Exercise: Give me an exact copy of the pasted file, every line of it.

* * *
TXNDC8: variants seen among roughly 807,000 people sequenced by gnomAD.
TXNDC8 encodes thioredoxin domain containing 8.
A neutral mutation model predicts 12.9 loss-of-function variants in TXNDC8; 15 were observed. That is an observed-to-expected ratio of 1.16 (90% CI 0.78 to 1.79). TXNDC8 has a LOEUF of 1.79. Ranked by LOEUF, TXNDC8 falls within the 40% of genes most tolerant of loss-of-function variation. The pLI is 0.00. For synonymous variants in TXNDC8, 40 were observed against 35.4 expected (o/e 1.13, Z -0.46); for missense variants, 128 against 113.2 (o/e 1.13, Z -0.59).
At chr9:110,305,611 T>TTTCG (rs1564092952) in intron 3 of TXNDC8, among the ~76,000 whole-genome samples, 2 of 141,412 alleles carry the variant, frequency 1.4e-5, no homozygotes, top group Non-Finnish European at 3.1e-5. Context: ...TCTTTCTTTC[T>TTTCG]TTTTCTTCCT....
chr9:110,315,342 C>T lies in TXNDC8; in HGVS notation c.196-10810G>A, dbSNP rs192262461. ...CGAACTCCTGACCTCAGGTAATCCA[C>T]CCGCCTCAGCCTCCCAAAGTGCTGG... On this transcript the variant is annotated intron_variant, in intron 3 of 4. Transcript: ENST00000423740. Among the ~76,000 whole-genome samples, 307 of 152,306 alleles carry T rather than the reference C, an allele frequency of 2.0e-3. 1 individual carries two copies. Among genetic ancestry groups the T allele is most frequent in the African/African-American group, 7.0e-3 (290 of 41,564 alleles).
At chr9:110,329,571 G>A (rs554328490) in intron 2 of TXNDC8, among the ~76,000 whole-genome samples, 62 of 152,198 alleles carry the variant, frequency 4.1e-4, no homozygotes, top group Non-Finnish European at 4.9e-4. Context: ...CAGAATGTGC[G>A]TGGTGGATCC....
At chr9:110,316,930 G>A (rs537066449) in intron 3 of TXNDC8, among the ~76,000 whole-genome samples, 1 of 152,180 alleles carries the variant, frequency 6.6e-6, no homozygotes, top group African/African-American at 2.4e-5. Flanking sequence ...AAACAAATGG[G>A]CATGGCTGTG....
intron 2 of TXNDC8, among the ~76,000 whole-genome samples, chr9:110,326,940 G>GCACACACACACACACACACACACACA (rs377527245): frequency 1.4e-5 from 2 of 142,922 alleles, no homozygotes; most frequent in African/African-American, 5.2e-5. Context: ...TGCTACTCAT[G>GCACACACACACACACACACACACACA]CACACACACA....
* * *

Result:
TXNDC8: variants seen among roughly 807,000 people sequenced by gnomAD.
TXNDC8 encodes thioredoxin domain containing 8.
A neutral mutation model predicts 12.9 loss-of-function variants in TXNDC8; 15 were observed. That is an observed-to-expected ratio of 1.16 (90% CI 0.78 to 1.79). TXNDC8 has a LOEUF of 1.79. Ranked by LOEUF, TXNDC8 falls within the 40% of genes most tolerant of loss-of-function variation. The pLI is 0.00. For synonymous variants in TXNDC8, 40 were observed against 35.4 expected (o/e 1.13, Z -0.46); for missense variants, 128 against 113.2 (o/e 1.13, Z -0.59).
At chr9:110,305,611 T>TTTCG (rs1564092952) in intron 3 of TXNDC8, among the ~76,000 whole-genome samples, 2 of 141,412 alleles carry the variant, frequency 1.4e-5, no homozygotes, top group Non-Finnish European at 3.1e-5. Context: ...TCTTTCTTTC[T>TTTCG]TTTTCTTCCT....
chr9:110,315,342 C>T lies in TXNDC8; in HGVS notation c.196-10810G>A, dbSNP rs192262461. ...CGAACTCCTGACCTCAGGTAATCCA[C>T]CCGCCTCAGCCTCCCAAAGTGCTGG... On this transcript the variant is annotated intron_variant, in intron 3 of 4. Transcript: ENST00000423740. Among the ~76,000 whole-genome samples, 307 of 152,306 alleles carry T rather than the reference C, an allele frequency of 2.0e-3. 1 individual carries two copies. Among genetic ancestry groups the T allele is most frequent in the African/African-American group, 7.0e-3 (290 of 41,564 alleles).
At chr9:110,329,571 G>A (rs554328490) in intron 2 of TXNDC8, among the ~76,000 whole-genome samples, 62 of 152,198 alleles carry the variant, frequency 4.1e-4, no homozygotes, top group Non-Finnish European at 4.9e-4. Context: ...CAGAATGTGC[G>A]TGGTGGATCC....
At chr9:110,316,930 G>A (rs537066449) in intron 3 of TXNDC8, among the ~76,000 whole-genome samples, 1 of 152,180 alleles carries the variant, frequency 6.6e-6, no homozygotes, top group African/African-American at 2.4e-5. Flanking sequence ...AAACAAATGG[G>A]CATGGCTGTG....
intron 2 of TXNDC8, among the ~76,000 whole-genome samples, chr9:110,326,940 G>GCACACACACACACACACACACACACA (rs377527245): frequency 1.4e-5 from 2 of 142,922 alleles, no homozygotes; most frequent in African/African-American, 5.2e-5. Context: ...TGCTACTCAT[G>GCACACACACACACACACACACACACA]CACACACACA....